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The calculated risk of experiencing a lightning caused unplanned detonation.

Proceedings of the Fourteenth Annual Symposium on Explosives and Blasting Research. 1998 Feb; :107-119
This paper presents data and theorem to calculate the risk of experiencing undesirable lightning related events while blasting or while engaged in other lightning sensitive activities. The paper provides an overview of lightning hazards in blasting operations and a brief history of lightning related blasting accidents. Lightning continues to be the primary cause of premature initiations of explosives in mining; on average, over two such incidents are reported to the Mine Safety and Health Administration (MSHA) each year. The energy contained in lightning discharges and how this energy sets off explosives in mining is presented. Three categories of lightning warning methods: public media, lightning detectors, and atmospheric electrostatic field measurement are discussed. The remainder of the paper presents recently acquired data on the spatial characteristics of lightning development. This data is used to estimate the risk assumed by blasters under certain conditions. Risk estimations are made for electric and nonelectric blasting if persons are evacuated when cloud-to-ground (c-g) lightning approaches within a certain distance. For example, about 0.6% of all c-g lightning strikes have no other c-g lightning strikes within 25 miles in the previous 30 minutes. The paper shows that a typical blaster using nonelectric initiation in a high lightning density area with a 100% accurate lightning detector set to alarm at 25 miles would have a lightning caused unplanned detonation every 14,000 years.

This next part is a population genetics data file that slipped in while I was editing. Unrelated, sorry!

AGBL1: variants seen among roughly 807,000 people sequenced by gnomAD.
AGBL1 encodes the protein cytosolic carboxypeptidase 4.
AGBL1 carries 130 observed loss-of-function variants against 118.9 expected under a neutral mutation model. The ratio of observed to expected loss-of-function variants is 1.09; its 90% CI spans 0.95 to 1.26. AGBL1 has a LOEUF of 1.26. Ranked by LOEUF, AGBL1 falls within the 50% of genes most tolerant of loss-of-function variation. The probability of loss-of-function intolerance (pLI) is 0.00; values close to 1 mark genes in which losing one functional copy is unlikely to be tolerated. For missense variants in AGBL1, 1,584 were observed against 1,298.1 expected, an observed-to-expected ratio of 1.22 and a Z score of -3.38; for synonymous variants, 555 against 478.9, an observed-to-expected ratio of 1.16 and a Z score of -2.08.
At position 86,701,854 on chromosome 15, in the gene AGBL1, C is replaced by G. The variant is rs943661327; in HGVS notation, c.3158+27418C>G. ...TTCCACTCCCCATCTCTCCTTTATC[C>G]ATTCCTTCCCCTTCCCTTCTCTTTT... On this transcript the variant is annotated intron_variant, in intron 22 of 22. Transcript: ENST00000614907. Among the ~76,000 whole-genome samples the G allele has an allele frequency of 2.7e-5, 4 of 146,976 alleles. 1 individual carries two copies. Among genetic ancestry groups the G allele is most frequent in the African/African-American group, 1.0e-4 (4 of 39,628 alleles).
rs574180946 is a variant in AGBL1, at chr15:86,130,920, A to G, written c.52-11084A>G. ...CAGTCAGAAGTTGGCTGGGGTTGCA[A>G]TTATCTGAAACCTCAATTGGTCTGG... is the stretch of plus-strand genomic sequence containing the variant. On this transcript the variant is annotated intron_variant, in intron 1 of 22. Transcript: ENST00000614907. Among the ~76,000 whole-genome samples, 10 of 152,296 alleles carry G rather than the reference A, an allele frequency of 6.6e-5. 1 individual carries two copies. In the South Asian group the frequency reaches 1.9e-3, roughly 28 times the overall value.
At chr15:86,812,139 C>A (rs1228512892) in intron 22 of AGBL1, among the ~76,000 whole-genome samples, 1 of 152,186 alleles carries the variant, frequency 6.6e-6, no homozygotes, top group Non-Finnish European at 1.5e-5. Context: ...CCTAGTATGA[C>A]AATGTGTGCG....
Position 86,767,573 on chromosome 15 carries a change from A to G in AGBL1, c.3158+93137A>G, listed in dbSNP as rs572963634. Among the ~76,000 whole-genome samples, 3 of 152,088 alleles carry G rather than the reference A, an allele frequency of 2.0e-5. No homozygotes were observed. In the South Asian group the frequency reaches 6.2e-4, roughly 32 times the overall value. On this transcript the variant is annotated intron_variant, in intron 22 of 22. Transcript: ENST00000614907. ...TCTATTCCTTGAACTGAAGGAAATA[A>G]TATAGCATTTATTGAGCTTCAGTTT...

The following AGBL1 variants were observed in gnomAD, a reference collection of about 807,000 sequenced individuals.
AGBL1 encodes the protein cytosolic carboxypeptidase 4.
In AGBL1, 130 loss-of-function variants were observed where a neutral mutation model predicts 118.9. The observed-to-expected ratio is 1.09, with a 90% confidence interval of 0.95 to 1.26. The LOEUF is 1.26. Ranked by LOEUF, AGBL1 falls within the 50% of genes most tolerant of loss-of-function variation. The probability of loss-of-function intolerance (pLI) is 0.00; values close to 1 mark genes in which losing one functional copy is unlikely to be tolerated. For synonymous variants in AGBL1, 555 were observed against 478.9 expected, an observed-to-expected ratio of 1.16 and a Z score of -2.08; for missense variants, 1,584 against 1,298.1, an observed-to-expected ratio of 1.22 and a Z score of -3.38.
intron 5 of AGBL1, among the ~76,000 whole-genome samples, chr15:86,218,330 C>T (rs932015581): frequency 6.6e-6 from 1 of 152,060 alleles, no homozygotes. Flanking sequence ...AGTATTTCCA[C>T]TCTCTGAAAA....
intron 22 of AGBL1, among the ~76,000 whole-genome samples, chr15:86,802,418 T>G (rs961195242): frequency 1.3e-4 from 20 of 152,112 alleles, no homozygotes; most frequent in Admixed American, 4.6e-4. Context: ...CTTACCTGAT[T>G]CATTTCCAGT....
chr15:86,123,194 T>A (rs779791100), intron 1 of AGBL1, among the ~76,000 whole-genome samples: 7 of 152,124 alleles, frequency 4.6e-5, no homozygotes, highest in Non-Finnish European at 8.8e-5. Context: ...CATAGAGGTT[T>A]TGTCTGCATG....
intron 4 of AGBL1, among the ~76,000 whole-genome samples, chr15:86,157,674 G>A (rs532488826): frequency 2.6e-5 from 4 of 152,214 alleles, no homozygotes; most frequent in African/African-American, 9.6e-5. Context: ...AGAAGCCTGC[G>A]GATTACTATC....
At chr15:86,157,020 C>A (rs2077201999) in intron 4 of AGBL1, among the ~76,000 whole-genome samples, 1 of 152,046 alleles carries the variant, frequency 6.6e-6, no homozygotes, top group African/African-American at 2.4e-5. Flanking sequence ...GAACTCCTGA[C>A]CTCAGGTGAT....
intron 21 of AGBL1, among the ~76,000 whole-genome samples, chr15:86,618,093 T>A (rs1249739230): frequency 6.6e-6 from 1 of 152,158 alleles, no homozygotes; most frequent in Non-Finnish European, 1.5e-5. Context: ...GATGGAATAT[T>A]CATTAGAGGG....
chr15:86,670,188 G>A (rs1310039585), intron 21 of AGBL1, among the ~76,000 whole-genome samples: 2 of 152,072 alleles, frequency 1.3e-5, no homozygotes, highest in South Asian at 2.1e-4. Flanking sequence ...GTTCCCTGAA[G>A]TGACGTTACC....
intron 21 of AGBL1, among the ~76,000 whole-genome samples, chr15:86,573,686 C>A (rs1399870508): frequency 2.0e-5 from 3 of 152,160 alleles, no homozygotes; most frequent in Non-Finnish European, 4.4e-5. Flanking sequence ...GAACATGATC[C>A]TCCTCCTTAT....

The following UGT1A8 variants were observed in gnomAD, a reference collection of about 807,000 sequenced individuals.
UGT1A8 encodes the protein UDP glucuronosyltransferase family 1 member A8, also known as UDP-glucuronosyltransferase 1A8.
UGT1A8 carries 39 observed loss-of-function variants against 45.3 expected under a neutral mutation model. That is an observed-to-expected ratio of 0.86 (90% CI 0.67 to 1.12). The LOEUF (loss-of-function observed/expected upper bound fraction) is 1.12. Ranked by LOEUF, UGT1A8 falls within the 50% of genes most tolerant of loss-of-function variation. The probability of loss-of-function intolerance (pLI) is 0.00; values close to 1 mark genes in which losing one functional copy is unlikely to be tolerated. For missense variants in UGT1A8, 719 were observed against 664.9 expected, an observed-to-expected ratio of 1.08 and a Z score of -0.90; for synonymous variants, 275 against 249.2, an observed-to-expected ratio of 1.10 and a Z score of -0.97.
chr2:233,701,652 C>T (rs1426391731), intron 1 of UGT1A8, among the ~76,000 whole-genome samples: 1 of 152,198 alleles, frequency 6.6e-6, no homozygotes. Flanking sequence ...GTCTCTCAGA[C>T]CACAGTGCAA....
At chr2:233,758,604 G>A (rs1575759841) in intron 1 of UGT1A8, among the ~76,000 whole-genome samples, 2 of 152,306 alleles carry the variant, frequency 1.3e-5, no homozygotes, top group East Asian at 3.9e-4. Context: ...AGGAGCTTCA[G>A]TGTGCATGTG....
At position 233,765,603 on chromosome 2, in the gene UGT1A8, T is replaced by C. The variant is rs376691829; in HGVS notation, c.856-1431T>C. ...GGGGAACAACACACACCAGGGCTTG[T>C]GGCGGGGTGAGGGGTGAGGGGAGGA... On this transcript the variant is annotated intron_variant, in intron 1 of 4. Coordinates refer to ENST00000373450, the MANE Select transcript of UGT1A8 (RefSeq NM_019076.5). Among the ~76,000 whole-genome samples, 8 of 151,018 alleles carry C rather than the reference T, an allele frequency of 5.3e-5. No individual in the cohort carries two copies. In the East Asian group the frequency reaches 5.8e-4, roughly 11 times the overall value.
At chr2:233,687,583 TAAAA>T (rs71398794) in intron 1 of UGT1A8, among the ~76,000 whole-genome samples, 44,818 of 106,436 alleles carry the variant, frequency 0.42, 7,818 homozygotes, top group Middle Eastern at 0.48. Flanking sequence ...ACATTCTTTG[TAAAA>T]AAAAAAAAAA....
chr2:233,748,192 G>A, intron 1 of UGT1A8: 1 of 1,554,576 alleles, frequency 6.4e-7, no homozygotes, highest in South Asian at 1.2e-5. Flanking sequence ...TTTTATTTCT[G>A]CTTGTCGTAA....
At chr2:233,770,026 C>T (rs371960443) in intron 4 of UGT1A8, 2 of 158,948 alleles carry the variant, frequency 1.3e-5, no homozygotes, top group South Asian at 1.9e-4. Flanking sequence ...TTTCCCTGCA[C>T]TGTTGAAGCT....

Mining-industry; Mine-safety; Explosive-devices; Miners; Mine-workers
National Institute for Occupational Safety and Health, Pittsburgh Research Laboratory, Pittsburgh, PA 15236
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Other Occupational Concerns
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Proceedings of the Fourteenth Annual Symposium on Explosives and Blasting Research